This figurine of the Wind God and Thunder God features intricate workmanship by Nakamura Suiran, a master Cochin ware craftsman, and the colors of Cochin glaze.
Compared to overglaze painting, Cochin glaze is characterized by a glass-like luster and transparency. In addition, the low viscosity of the glaze makes it difficult to express colors as in painting.Therefore, various colors are expressed by the "itchin" technique, in which clay is heaped up like lines.
The process is complex and requires skillful techniques. The glaze is fired two or three times at different firing temperatures for each color. Because of the strain placed on the clay, it is necessary to determine the limits of what the clay can withstand.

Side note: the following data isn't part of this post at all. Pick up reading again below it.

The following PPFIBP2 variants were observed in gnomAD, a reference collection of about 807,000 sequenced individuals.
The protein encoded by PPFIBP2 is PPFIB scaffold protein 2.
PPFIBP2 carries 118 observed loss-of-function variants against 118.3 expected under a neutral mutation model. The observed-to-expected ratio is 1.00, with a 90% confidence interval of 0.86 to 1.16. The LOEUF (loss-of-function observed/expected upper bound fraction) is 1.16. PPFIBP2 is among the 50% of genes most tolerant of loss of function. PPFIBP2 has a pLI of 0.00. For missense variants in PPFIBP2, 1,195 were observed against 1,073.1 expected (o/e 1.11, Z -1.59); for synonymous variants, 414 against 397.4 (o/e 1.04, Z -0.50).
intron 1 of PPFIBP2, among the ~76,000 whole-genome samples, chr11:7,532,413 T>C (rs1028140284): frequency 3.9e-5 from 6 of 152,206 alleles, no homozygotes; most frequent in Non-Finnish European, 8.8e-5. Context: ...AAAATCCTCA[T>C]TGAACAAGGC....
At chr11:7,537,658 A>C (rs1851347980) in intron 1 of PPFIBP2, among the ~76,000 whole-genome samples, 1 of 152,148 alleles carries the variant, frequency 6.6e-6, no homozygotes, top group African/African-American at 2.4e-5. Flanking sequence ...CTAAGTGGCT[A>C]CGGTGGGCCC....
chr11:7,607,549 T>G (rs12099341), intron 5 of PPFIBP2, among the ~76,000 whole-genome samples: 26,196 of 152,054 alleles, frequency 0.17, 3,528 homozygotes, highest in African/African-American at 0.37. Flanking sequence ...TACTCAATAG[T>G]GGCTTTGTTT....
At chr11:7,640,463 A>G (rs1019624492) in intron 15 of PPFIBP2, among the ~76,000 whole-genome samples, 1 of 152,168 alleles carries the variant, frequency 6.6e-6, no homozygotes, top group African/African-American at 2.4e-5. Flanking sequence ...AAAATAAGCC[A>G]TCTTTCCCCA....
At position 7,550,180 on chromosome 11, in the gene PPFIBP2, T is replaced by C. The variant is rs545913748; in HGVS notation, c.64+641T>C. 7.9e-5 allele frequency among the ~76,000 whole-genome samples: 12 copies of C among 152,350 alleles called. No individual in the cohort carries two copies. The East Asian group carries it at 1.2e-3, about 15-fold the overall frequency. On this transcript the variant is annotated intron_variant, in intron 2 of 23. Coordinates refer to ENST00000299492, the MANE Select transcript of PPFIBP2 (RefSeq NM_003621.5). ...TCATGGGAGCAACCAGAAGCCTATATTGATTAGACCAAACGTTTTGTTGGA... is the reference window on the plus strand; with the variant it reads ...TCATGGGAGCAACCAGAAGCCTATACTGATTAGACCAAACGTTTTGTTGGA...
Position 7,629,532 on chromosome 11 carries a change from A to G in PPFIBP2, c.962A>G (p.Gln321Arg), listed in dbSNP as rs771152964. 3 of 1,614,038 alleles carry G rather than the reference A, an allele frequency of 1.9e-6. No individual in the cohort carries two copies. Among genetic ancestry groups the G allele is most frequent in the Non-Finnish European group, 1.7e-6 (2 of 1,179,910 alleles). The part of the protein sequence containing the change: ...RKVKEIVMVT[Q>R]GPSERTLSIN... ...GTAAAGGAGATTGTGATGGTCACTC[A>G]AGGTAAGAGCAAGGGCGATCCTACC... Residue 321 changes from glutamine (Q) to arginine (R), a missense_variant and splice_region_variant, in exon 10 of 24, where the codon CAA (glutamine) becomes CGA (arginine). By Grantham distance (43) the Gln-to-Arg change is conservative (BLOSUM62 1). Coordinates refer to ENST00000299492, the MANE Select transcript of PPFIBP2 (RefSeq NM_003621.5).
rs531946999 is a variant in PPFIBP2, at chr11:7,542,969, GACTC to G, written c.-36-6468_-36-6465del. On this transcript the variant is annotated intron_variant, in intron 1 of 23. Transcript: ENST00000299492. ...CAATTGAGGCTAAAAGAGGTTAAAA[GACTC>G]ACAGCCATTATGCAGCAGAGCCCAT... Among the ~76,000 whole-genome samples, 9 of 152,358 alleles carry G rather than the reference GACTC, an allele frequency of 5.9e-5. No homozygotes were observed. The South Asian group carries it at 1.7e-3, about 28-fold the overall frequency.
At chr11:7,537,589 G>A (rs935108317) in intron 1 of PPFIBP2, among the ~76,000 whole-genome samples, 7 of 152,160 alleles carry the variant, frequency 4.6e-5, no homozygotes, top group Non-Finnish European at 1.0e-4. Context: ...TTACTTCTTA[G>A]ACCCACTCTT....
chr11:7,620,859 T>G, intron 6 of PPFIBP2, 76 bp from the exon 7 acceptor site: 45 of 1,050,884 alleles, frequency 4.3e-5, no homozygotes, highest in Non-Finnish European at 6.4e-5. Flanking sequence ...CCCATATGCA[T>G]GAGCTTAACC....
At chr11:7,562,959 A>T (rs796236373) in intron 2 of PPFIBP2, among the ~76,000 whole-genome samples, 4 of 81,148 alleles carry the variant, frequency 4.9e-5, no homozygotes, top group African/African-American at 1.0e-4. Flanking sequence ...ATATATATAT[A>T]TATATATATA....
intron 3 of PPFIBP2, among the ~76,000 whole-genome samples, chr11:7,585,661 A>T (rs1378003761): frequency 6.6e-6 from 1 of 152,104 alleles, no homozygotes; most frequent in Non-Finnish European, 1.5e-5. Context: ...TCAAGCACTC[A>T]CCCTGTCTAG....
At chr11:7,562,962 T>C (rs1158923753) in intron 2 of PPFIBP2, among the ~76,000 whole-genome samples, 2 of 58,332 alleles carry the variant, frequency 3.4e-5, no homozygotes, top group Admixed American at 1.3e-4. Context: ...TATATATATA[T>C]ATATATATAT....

The pieces produced by this complex and difficult technique are so beautifully finished in terms of color and transparency that it is hard to believe that they are ceramics. Among the many techniques used in ceramics, this technique is particularly symbolic of color.
The Wind God and Thunder God have been represented in various forms in Oriental and Buddhist art, including the folding screens of Sotatsu Tawaraya. This work is a masterpiece of this technique, with the back of the painting, which could not be fully expressed in a folding screen, covered with an extremely colorful cochin glaze.